…a sinner stood at the Lord’s Feet…

We find in these days such a struggle in remaining strong in our resolutions, in our convictions, in the reverence and service of the Divine Majesty. It seems at times that our whole foundation is struck, to cause us to scatter. With scandal inside the Church. With the ever greater secularization of society, where piety is seen as weak or misguided.

In these recent past years, I have tried to go to the origin of things, to understand, to embrace, to challenge myself. We know the origin of the Catholic Church, Christ calling Saint Peter and proclaiming that he, Peter, is the rock upon which the Church will always stand, and Christ would be her cornerstone.

Trusting with a hope we can only beg for, from our Our Lord and from Our Lady, we can and must only have recourse to love. True love. Love Crucified. And why such an emphasis on the Crucifixion? I receive so much criticism that this piety at the foot of the Cross, day in and day out, is outdated and oppressive. Or the criticism that sorrow doesn’t lead to true love, or at least not pure and intense love. But it behooves us to glory in the Cross of our Lord Jesus Christ: in Whom is our salvation, life, and resurrection: by Whom we are saved, and delivered. [Introit, Exaltation of the Cross]. On the day which we particularly celebrate the Cross, as in THAT IS WHAT THE DAY IS ALL ABOUT, the question is why this celebration? There isn’t much more to say than what the Introit itself says. The Priest, the people, mark themselves with the Sign of the Cross, and say: in Christ on the Cross is found our SALVATION, our LIFE, our RESURRECTION.

That brings me to the Mass of Ember Friday in September. I was praying Lauds this morning and was struck by the antiphon for the Magnificat (commemorated today as its the Feast of Saint Matthew). It follows:

A woman in the city which was a sinner stood at the Lord’s Feet behind Him, and began to wash His Feet with tears, and did wipe them with the hairs of her head, and kissed His Feet, and anointed them with the ointment.

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It is this woman who has inspired me for years to embrace the fourth vow of the Passionists: of keeping the memory of the Passion of Our Lord Jesus Christ always in our hearts. It is her love which inspires me.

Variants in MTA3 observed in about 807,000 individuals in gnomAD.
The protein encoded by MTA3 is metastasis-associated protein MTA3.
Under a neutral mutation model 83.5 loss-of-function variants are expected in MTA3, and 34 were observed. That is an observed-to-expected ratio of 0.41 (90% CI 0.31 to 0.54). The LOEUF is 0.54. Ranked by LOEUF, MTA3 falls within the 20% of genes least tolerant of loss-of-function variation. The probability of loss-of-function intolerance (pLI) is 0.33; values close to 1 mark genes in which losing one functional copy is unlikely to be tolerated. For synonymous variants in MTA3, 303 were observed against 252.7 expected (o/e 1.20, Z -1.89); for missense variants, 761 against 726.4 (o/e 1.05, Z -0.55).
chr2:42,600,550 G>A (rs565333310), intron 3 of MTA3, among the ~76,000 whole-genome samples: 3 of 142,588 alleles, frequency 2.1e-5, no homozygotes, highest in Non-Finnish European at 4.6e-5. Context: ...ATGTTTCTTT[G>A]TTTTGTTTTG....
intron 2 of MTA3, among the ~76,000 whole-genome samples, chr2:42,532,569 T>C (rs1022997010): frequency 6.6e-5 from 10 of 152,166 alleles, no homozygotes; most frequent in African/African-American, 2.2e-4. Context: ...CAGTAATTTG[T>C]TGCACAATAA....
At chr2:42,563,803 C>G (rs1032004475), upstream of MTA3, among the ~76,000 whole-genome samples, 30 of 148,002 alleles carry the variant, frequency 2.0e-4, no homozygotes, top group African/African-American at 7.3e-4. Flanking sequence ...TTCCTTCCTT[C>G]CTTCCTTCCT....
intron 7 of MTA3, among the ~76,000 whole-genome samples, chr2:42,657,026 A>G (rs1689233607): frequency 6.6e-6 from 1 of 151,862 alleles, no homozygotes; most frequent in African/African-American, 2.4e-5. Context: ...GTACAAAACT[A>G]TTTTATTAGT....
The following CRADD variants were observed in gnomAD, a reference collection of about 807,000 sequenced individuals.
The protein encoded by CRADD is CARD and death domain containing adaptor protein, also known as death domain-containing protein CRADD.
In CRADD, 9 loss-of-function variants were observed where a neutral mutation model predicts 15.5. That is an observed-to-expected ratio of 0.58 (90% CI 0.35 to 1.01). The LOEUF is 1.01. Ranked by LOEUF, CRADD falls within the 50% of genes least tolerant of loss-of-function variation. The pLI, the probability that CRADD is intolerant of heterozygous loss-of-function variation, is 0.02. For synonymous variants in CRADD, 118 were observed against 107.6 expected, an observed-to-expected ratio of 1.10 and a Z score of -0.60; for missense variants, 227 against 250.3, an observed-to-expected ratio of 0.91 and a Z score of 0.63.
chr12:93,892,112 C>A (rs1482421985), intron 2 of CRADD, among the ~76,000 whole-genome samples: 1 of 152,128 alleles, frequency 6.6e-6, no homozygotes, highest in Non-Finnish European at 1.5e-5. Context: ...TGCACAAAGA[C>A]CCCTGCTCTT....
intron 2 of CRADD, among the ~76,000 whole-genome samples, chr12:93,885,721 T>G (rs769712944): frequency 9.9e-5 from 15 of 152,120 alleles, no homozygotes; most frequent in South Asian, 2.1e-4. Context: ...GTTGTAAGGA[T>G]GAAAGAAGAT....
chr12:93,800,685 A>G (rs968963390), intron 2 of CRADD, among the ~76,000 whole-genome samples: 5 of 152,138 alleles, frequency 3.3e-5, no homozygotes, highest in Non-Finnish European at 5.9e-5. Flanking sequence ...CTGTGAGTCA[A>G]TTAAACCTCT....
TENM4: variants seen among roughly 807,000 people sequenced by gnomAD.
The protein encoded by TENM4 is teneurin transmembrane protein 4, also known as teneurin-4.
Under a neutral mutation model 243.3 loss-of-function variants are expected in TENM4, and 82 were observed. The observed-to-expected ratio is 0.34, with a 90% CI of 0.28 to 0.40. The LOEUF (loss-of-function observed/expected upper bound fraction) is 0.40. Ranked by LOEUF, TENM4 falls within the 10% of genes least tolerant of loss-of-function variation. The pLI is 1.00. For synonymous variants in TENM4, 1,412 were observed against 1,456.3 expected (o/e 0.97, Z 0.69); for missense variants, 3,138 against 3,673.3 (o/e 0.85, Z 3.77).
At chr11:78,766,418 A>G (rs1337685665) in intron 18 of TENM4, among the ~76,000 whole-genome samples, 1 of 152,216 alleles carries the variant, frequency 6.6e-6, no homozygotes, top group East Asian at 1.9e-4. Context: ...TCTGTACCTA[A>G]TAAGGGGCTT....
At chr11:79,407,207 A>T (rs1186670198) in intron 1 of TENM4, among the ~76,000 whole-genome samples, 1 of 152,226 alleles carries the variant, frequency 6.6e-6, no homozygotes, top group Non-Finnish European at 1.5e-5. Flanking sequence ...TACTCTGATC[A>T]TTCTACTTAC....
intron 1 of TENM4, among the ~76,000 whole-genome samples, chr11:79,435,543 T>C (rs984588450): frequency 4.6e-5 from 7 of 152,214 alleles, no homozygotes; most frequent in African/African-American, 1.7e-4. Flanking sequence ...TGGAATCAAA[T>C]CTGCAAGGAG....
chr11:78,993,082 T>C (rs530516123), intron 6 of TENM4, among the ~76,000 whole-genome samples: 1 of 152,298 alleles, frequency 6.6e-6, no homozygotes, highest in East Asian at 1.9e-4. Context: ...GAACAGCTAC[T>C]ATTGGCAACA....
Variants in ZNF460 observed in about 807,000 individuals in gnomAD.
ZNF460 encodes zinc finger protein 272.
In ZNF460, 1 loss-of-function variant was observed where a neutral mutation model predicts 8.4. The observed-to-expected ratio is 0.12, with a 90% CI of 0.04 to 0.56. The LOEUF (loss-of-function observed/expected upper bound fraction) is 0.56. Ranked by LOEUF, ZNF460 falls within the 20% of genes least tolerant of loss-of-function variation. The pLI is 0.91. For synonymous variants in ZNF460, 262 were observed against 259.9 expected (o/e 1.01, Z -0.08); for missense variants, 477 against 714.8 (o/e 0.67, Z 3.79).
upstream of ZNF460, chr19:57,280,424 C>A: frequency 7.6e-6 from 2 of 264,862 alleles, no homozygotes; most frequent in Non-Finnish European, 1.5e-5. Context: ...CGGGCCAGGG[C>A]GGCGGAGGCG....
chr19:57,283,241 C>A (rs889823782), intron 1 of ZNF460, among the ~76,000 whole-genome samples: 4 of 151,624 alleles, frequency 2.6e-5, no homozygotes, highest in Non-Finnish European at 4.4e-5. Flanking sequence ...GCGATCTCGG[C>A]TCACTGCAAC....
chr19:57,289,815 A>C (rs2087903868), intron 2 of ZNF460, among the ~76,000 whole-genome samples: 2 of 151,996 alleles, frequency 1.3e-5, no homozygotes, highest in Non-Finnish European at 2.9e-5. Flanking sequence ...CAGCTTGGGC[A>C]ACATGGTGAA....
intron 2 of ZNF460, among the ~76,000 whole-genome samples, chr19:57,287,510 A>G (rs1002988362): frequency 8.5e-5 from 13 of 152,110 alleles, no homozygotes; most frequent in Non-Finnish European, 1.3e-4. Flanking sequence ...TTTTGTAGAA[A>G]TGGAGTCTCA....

She before anyone, made reparation to Our Precious Lord, in anticipation of His Sacred Passion and Death. The Feet which would trod the Via Crucis and would climb the Cross only to be pierced, by my hand, by your hand, were washed with tears, kissed, and anointed by this woman, a known sinner, whose life had been made new in the Love of Christ, in Whom is our salvation, life, and resurrection: by Whom we are saved, and delivered.

Looking at the Introit for the Ember Friday Mass we see what this sort of love leads to:

Rejoice, O hearts that seek the Lord! Look to the Lord, and be strengthened; seek His face evermore. Give thanks to the Lord, invoke His name; make known among the nations His deeds. Glory be to the Father, and to the Son, and to the Holy Ghost. As it was in the beginning, is now, and ever shall be, world without end. Amen. Rejoice, O hearts that seek the Lord! Look to the Lord, and be strengthened; seek His face evermore.

And, it was this woman who bathed the Feet of our Lord with her tears, with her love, who would be the first to step foot in the Tomb after the Resurrection.

The foot of Mary Magdalene which was first to step into the empty tomb after the Resurrection.

I say this, because we are always told that Catholics are both/and (et/et) people. The Cross and the Glory. Love and asceticism. Joy and Sorrow. I just pray that people who embrace this will be able to find their way in these turbulent times.


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